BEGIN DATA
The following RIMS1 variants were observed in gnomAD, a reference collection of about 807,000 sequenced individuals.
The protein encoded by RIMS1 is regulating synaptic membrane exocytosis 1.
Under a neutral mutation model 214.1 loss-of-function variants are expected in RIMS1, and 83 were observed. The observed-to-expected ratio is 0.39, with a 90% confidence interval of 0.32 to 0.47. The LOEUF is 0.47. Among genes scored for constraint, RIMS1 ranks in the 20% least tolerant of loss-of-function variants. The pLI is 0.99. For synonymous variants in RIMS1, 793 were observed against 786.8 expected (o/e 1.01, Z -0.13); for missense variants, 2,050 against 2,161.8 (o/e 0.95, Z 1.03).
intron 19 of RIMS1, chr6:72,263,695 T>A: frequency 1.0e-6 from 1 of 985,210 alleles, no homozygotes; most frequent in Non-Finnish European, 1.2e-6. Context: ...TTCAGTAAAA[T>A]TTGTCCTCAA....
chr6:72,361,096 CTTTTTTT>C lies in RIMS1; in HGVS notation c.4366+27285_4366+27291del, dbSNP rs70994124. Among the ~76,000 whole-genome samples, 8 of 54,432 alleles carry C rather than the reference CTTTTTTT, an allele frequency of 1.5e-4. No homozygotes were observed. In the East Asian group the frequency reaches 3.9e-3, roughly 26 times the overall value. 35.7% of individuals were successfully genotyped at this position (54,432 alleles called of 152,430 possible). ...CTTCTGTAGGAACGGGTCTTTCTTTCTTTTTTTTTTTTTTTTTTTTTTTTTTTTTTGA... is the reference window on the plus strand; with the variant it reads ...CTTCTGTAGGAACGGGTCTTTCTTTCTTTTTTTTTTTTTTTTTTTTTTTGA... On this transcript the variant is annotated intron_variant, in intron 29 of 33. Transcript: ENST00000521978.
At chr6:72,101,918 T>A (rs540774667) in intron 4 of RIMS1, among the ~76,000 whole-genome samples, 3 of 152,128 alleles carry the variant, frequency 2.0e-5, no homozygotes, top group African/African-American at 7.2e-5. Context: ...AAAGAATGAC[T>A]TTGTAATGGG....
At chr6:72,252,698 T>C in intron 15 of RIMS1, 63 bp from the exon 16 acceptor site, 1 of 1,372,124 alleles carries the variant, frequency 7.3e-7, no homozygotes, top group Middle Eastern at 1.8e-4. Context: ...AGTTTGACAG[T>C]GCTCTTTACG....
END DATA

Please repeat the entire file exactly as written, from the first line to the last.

The following RIMS1 variants were observed in gnomAD, a reference collection of about 807,000 sequenced individuals.
The protein encoded by RIMS1 is regulating synaptic membrane exocytosis 1.
Under a neutral mutation model 214.1 loss-of-function variants are expected in RIMS1, and 83 were observed. The observed-to-expected ratio is 0.39, with a 90% confidence interval of 0.32 to 0.47. The LOEUF is 0.47. Among genes scored for constraint, RIMS1 ranks in the 20% least tolerant of loss-of-function variants. The pLI is 0.99. For synonymous variants in RIMS1, 793 were observed against 786.8 expected (o/e 1.01, Z -0.13); for missense variants, 2,050 against 2,161.8 (o/e 0.95, Z 1.03).
intron 19 of RIMS1, chr6:72,263,695 T>A: frequency 1.0e-6 from 1 of 985,210 alleles, no homozygotes; most frequent in Non-Finnish European, 1.2e-6. Context: ...TTCAGTAAAA[T>A]TTGTCCTCAA....
chr6:72,361,096 CTTTTTTT>C lies in RIMS1; in HGVS notation c.4366+27285_4366+27291del, dbSNP rs70994124. Among the ~76,000 whole-genome samples, 8 of 54,432 alleles carry C rather than the reference CTTTTTTT, an allele frequency of 1.5e-4. No homozygotes were observed. In the East Asian group the frequency reaches 3.9e-3, roughly 26 times the overall value. 35.7% of individuals were successfully genotyped at this position (54,432 alleles called of 152,430 possible). ...CTTCTGTAGGAACGGGTCTTTCTTTCTTTTTTTTTTTTTTTTTTTTTTTTTTTTTTGA... is the reference window on the plus strand; with the variant it reads ...CTTCTGTAGGAACGGGTCTTTCTTTCTTTTTTTTTTTTTTTTTTTTTTTGA... On this transcript the variant is annotated intron_variant, in intron 29 of 33. Transcript: ENST00000521978.
At chr6:72,101,918 T>A (rs540774667) in intron 4 of RIMS1, among the ~76,000 whole-genome samples, 3 of 152,128 alleles carry the variant, frequency 2.0e-5, no homozygotes, top group African/African-American at 7.2e-5. Context: ...AAAGAATGAC[T>A]TTGTAATGGG....
At chr6:72,252,698 T>C in intron 15 of RIMS1, 63 bp from the exon 16 acceptor site, 1 of 1,372,124 alleles carries the variant, frequency 7.3e-7, no homozygotes, top group Middle Eastern at 1.8e-4. Context: ...AGTTTGACAG[T>C]GCTCTTTACG....